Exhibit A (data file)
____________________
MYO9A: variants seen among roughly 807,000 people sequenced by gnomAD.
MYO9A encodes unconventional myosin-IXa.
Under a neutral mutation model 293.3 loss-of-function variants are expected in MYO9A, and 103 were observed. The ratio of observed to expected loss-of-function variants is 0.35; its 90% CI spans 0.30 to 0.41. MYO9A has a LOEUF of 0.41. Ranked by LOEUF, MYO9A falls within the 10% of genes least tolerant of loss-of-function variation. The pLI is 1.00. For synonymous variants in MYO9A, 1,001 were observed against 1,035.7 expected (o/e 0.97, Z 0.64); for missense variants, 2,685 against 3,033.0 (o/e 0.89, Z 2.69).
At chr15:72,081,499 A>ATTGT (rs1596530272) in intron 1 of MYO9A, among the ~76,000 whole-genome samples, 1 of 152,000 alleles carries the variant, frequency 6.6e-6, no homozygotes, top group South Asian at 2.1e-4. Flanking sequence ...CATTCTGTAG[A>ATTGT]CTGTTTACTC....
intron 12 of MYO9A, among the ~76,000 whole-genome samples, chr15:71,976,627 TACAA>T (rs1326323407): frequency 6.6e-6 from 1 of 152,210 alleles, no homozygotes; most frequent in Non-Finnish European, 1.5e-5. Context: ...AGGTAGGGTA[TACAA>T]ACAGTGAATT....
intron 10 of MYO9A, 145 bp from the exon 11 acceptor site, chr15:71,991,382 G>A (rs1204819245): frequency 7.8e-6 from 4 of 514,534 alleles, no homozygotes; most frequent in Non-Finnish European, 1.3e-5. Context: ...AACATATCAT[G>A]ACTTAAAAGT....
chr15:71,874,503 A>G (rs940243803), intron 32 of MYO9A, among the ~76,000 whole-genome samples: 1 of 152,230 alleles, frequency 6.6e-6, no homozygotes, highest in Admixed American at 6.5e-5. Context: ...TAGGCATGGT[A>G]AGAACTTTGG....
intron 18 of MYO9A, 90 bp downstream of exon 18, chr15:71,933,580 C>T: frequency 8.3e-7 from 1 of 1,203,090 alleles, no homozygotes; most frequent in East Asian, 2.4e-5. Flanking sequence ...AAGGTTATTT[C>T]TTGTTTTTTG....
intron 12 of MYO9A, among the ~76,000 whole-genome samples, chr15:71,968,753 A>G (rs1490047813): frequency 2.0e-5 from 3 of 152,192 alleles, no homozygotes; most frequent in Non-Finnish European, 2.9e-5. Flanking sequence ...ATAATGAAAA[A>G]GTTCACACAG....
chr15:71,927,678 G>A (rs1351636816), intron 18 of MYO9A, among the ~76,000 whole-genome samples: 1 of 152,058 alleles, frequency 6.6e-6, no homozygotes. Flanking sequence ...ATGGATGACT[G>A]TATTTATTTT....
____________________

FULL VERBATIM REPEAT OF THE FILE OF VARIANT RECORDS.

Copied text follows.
MYO9A: variants seen among roughly 807,000 people sequenced by gnomAD.
MYO9A encodes unconventional myosin-IXa.
Under a neutral mutation model 293.3 loss-of-function variants are expected in MYO9A, and 103 were observed. The ratio of observed to expected loss-of-function variants is 0.35; its 90% CI spans 0.30 to 0.41. MYO9A has a LOEUF of 0.41. Ranked by LOEUF, MYO9A falls within the 10% of genes least tolerant of loss-of-function variation. The pLI is 1.00. For synonymous variants in MYO9A, 1,001 were observed against 1,035.7 expected (o/e 0.97, Z 0.64); for missense variants, 2,685 against 3,033.0 (o/e 0.89, Z 2.69).
At chr15:72,081,499 A>ATTGT (rs1596530272) in intron 1 of MYO9A, among the ~76,000 whole-genome samples, 1 of 152,000 alleles carries the variant, frequency 6.6e-6, no homozygotes, top group South Asian at 2.1e-4. Flanking sequence ...CATTCTGTAG[A>ATTGT]CTGTTTACTC....
intron 12 of MYO9A, among the ~76,000 whole-genome samples, chr15:71,976,627 TACAA>T (rs1326323407): frequency 6.6e-6 from 1 of 152,210 alleles, no homozygotes; most frequent in Non-Finnish European, 1.5e-5. Context: ...AGGTAGGGTA[TACAA>T]ACAGTGAATT....
intron 10 of MYO9A, 145 bp from the exon 11 acceptor site, chr15:71,991,382 G>A (rs1204819245): frequency 7.8e-6 from 4 of 514,534 alleles, no homozygotes; most frequent in Non-Finnish European, 1.3e-5. Context: ...AACATATCAT[G>A]ACTTAAAAGT....
chr15:71,874,503 A>G (rs940243803), intron 32 of MYO9A, among the ~76,000 whole-genome samples: 1 of 152,230 alleles, frequency 6.6e-6, no homozygotes, highest in Admixed American at 6.5e-5. Context: ...TAGGCATGGT[A>G]AGAACTTTGG....
intron 18 of MYO9A, 90 bp downstream of exon 18, chr15:71,933,580 C>T: frequency 8.3e-7 from 1 of 1,203,090 alleles, no homozygotes; most frequent in East Asian, 2.4e-5. Flanking sequence ...AAGGTTATTT[C>T]TTGTTTTTTG....
intron 12 of MYO9A, among the ~76,000 whole-genome samples, chr15:71,968,753 A>G (rs1490047813): frequency 2.0e-5 from 3 of 152,192 alleles, no homozygotes; most frequent in Non-Finnish European, 2.9e-5. Flanking sequence ...ATAATGAAAA[A>G]GTTCACACAG....
chr15:71,927,678 G>A (rs1351636816), intron 18 of MYO9A, among the ~76,000 whole-genome samples: 1 of 152,058 alleles, frequency 6.6e-6, no homozygotes. Flanking sequence ...ATGGATGACT[G>A]TATTTATTTT....